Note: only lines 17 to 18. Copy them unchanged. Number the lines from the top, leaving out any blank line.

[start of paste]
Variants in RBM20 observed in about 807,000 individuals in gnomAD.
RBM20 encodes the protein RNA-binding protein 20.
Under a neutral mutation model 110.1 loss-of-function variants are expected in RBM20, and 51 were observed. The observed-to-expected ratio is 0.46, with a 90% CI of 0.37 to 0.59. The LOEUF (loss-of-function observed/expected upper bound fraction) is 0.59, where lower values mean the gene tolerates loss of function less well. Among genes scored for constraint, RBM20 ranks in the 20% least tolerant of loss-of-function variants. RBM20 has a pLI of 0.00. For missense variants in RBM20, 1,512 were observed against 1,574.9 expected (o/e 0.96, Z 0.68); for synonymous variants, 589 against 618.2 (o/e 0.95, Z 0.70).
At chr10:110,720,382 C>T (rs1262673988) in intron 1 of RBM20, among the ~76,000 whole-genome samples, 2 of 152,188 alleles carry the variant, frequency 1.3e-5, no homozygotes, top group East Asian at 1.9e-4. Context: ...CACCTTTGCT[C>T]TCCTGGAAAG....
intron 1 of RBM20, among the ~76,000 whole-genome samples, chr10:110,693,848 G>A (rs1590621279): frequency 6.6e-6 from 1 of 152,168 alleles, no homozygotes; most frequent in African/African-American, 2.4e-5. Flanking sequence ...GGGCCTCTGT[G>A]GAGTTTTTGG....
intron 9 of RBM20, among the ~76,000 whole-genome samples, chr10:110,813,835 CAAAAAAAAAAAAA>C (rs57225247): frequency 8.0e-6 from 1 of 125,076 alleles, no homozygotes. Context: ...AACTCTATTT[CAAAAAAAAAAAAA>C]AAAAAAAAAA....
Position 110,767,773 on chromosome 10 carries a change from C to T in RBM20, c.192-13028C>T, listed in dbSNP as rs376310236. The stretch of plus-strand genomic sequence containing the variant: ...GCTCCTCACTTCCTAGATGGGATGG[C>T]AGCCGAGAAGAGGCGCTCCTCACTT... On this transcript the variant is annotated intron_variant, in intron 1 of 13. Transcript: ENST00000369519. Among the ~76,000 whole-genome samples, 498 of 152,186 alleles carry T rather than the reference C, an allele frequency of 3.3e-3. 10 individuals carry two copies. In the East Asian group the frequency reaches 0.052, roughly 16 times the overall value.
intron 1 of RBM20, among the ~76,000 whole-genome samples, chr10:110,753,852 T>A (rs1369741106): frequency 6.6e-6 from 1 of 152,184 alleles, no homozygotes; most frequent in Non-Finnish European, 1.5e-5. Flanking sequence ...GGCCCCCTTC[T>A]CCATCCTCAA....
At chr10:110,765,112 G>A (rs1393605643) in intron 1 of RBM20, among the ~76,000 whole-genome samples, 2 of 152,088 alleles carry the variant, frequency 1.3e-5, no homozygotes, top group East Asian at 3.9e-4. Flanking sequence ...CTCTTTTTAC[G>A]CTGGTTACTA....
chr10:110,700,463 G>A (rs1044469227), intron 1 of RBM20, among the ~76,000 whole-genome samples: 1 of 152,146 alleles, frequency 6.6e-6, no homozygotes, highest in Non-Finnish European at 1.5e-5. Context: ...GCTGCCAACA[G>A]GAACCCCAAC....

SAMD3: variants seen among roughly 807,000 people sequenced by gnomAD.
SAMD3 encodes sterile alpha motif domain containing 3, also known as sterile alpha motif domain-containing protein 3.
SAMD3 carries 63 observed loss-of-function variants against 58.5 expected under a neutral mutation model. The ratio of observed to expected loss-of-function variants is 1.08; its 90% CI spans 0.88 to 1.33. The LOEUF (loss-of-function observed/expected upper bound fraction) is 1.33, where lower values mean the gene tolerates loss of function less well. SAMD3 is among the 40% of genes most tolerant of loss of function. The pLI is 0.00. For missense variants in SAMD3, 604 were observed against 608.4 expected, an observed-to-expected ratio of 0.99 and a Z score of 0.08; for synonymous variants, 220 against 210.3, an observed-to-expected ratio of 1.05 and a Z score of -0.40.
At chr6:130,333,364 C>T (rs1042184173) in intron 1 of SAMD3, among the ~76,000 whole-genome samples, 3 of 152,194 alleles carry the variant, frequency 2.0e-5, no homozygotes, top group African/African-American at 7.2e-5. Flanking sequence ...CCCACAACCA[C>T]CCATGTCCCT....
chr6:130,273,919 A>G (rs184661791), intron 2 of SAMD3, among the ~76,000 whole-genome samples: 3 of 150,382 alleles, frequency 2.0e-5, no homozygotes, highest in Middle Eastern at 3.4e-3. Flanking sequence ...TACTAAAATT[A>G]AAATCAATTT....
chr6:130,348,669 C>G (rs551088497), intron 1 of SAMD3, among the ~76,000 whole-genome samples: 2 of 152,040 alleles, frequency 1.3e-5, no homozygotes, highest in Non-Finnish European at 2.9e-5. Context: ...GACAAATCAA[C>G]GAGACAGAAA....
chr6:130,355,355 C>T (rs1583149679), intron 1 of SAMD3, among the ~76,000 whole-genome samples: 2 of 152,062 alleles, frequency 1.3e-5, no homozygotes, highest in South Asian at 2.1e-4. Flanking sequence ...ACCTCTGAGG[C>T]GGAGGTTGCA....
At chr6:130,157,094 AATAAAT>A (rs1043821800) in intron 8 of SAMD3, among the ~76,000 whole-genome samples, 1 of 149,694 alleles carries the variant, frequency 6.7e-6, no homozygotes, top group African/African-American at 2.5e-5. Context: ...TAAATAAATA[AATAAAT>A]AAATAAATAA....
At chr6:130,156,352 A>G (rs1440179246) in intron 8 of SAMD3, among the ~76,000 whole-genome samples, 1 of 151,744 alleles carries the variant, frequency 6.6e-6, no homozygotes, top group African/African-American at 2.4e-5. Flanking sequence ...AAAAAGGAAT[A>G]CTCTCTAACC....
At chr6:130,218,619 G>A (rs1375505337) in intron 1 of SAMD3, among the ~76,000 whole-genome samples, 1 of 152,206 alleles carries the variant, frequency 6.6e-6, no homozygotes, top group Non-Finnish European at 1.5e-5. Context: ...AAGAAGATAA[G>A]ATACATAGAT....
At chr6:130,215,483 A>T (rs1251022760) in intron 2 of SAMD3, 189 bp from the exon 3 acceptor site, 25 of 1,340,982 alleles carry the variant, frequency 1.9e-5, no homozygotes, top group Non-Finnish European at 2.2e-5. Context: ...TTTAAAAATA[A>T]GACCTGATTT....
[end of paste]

chr6:130,355,355 C>T (rs1583149679), intron 1 of SAMD3, among the ~76,000 whole-genome samples: 2 of 152,062 alleles, frequency 1.3e-5, no homozygotes, highest in South Asian at 2.1e-4. Flanking sequence ...ACCTCTGAGG[C>T]GGAGGTTGCA....
At chr6:130,157,094 AATAAAT>A (rs1043821800) in intron 8 of SAMD3, among the ~76,000 whole-genome samples, 1 of 149,694 alleles carries the variant, frequency 6.7e-6, no homozygotes, top group African/African-American at 2.5e-5. Context: ...TAAATAAATA[AATAAAT>A]AAATAAATAA....